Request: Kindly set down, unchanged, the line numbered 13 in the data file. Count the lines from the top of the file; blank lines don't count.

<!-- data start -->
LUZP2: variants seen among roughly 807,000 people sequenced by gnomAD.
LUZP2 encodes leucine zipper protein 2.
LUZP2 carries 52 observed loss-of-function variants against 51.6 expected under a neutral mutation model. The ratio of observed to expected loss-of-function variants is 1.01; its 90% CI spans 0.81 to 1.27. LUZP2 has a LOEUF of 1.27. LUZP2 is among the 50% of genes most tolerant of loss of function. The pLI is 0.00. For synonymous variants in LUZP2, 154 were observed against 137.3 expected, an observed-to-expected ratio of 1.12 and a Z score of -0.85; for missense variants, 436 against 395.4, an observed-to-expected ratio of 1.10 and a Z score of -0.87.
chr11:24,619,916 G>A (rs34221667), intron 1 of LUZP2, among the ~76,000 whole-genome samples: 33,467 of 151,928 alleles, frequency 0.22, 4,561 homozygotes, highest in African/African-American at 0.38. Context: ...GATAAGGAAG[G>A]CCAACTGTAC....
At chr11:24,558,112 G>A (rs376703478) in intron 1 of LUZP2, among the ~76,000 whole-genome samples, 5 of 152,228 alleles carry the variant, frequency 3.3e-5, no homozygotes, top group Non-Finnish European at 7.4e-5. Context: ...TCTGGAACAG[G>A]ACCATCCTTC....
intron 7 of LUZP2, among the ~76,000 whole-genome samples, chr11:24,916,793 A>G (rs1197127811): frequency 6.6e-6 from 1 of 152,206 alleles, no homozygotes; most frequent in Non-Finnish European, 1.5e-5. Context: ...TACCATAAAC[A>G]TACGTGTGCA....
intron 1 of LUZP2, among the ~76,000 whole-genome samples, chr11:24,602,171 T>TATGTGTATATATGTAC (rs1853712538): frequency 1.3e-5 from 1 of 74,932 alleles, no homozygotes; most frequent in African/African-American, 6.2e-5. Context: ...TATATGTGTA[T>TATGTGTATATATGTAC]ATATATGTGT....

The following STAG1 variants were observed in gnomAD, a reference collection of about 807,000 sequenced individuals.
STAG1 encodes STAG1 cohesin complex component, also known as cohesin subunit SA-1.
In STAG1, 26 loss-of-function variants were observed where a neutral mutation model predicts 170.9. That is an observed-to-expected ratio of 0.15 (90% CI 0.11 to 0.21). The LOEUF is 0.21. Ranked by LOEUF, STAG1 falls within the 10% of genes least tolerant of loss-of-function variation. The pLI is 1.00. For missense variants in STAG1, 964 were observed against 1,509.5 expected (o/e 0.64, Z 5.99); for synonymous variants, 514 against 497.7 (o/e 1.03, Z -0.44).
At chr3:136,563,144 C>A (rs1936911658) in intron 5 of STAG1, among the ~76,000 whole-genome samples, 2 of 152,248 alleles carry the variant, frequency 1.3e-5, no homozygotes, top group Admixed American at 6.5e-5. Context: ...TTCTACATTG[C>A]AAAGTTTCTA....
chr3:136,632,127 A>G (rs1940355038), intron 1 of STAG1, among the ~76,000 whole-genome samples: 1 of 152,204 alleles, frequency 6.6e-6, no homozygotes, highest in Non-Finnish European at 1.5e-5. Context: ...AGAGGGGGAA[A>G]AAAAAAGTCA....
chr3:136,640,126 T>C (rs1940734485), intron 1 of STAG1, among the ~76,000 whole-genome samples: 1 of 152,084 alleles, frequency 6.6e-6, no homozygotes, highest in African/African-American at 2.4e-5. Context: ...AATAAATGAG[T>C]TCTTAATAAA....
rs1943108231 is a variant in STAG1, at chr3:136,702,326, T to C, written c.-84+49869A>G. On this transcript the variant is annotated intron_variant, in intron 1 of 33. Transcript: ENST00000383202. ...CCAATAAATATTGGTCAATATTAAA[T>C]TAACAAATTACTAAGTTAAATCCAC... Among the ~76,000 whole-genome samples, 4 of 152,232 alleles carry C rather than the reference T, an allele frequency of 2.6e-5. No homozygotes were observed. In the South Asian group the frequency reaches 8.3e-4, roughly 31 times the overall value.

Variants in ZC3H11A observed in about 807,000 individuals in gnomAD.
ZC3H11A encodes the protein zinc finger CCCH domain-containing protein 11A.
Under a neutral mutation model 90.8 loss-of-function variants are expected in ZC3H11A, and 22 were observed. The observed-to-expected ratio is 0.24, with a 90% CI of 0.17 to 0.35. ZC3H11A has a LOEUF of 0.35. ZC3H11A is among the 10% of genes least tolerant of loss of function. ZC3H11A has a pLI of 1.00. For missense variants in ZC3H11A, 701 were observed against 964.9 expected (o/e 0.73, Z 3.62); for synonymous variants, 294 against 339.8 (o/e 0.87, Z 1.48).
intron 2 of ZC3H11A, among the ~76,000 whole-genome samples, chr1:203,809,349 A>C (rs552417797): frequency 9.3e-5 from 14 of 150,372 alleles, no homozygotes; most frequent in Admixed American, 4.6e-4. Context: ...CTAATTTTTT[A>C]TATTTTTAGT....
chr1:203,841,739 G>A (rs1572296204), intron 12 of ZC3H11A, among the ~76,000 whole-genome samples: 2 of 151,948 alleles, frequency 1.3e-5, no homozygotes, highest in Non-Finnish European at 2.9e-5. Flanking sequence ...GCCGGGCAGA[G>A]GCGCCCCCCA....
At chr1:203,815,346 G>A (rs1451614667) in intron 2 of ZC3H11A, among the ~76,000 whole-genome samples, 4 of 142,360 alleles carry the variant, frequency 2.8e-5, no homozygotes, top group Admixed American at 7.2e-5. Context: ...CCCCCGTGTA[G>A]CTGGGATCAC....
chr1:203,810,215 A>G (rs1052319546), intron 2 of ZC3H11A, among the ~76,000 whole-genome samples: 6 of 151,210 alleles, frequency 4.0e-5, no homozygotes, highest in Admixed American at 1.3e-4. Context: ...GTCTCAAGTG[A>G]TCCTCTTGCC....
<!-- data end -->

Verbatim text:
chr3:136,640,126 T>C (rs1940734485), intron 1 of STAG1, among the ~76,000 whole-genome samples: 1 of 152,084 alleles, frequency 6.6e-6, no homozygotes, highest in African/African-American at 2.4e-5. Context: ...AATAAATGAG[T>C]TCTTAATAAA....